Awareness : Did You Know? 2015-2016

Did You Know? Weekly Educational Series 7

For the Week of September 28, 2015-General

Physician and Non-Physician Practitioners’ Use if Scribes

Physicians and non-physician practitioners (NPPs) may use the services of a scribe to assist with documentation during a clinical encounter, which may be in an office or facility setting, between the physician/NPP and the patient. A scribe can be an NPP, a nurse, clinical assistant, or other ancillary personnel allowed by the physician/NPP, to document his/her services in the patients’ medical record.

A scribe’s responsibility is to capture an accurate and detailed description (handwritten, electronic, or otherwise) of the patient encounter in a timely manner. Scribes are clerical in nature and are not permitted to make independent decisions or translations while capturing or entering information into the health record beyond what is directed by the physician/NPP.

Clinical staff may be utilized to perform scribe functions, so it is important to clearly define and differentiate their clinical duties from their scribe duties. Even though it’s acceptable for a physician/NPP to use a scribe, current Medicare documentation guidelines must be followed. The physician is ultimately accountable for the documentation and should sign and notate after the scribe’s entry that the documentation accurately reflects the work done by the physician.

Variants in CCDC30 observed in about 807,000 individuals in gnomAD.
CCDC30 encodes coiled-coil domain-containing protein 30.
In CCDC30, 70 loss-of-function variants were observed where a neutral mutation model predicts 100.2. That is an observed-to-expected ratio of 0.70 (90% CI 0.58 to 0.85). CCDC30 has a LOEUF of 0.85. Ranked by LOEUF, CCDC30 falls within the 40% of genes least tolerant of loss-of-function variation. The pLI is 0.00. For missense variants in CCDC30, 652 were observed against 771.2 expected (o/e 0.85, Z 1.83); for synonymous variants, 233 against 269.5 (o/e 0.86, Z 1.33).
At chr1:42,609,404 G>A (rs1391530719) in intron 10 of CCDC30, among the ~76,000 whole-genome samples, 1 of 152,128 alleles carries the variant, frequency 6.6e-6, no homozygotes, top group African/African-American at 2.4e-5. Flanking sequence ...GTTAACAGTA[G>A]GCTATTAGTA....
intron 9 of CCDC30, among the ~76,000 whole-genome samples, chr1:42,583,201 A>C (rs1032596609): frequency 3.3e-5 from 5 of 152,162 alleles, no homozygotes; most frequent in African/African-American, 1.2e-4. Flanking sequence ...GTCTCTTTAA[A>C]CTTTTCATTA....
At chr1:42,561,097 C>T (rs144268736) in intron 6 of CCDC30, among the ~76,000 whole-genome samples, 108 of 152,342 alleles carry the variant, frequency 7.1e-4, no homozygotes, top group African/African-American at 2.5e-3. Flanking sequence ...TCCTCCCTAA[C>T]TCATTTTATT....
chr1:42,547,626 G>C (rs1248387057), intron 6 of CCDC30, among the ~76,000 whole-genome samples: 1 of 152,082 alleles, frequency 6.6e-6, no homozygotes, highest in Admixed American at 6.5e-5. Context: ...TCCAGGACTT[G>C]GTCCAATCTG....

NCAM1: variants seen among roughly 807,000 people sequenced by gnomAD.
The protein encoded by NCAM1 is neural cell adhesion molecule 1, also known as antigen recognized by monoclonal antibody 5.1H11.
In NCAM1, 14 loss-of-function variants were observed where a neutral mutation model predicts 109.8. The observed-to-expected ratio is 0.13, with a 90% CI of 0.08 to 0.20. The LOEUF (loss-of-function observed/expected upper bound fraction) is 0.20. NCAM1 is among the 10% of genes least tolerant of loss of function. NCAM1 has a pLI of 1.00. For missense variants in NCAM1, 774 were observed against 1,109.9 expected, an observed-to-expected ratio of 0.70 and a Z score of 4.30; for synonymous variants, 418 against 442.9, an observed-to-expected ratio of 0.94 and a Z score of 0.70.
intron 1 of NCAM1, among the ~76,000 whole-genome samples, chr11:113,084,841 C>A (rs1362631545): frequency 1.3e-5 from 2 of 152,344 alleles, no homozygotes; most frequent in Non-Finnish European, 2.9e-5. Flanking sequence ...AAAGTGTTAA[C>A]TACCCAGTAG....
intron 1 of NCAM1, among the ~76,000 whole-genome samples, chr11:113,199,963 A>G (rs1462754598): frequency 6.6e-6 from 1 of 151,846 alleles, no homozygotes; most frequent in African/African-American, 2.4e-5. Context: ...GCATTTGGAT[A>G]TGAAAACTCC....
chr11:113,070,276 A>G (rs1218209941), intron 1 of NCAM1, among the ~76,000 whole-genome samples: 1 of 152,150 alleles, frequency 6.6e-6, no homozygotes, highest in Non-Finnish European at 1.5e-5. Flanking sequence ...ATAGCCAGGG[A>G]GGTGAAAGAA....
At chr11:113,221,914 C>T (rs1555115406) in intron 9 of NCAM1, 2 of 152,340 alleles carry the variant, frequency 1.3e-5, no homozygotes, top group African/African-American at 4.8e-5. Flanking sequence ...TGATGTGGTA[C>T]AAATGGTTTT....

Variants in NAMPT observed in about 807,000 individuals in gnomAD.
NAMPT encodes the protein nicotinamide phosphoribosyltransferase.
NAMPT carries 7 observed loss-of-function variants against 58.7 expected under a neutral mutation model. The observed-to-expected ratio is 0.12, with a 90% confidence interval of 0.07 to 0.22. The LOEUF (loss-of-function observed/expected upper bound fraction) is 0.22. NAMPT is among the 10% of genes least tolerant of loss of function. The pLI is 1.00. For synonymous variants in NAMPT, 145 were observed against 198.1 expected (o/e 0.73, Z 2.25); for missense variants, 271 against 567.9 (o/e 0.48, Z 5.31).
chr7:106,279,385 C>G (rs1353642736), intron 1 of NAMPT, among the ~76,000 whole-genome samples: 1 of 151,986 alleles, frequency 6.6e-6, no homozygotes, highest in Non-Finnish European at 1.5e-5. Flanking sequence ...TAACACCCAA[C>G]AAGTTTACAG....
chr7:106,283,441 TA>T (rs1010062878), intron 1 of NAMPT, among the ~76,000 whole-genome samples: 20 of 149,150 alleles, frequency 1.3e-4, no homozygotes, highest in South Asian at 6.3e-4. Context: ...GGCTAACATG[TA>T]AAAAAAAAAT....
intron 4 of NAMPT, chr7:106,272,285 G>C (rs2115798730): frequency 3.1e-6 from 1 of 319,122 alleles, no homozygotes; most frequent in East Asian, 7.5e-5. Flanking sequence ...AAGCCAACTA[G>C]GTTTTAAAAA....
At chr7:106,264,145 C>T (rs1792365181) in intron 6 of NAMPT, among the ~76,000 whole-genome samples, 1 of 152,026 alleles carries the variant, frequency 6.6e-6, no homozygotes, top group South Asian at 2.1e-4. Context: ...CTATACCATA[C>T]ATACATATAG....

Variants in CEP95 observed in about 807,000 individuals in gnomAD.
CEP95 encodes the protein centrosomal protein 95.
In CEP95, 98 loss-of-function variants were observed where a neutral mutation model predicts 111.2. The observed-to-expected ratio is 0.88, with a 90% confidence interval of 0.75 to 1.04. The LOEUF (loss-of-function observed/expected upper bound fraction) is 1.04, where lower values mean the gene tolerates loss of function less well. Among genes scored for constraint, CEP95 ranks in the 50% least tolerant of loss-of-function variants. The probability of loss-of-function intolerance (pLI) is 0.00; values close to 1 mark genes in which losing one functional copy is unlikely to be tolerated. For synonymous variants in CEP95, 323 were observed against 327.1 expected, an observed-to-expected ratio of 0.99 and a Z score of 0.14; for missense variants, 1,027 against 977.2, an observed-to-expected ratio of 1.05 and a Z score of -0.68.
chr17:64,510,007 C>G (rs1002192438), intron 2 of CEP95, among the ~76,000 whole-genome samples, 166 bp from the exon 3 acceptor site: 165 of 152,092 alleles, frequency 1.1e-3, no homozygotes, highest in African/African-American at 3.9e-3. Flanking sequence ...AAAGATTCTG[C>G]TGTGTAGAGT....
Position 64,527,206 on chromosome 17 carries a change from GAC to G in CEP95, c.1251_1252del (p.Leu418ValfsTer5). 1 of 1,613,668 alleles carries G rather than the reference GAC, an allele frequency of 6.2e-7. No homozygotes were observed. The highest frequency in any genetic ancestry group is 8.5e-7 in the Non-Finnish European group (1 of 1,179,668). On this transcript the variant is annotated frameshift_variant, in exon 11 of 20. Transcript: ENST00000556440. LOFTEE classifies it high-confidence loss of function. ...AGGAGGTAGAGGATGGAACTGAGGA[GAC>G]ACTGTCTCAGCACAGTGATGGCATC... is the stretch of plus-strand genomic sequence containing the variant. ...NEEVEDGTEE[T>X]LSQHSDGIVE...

Documentation of scribed services should indicate who performed the service and who recorded the service. The scribe’s note should include “written by [name and title of scribe], acting as scribe for Dr./NPP [name of physician/NPP],” and the date and time of entry into the medical record. The physician should legibly co-sign (either hard copy or electronic) and date the entry, stating for example, “the note accurately reflects the work and decisions made by me.”

Documentation made by a scribe should be made upon direction by the physician. This requirement is no different from any other encounter’s documentation requirement. Medicare pays for medically necessary and reasonable services and expects the one delivering the services and creating the record. The scribe should not act independently, and there is no payment for the services of the scribe.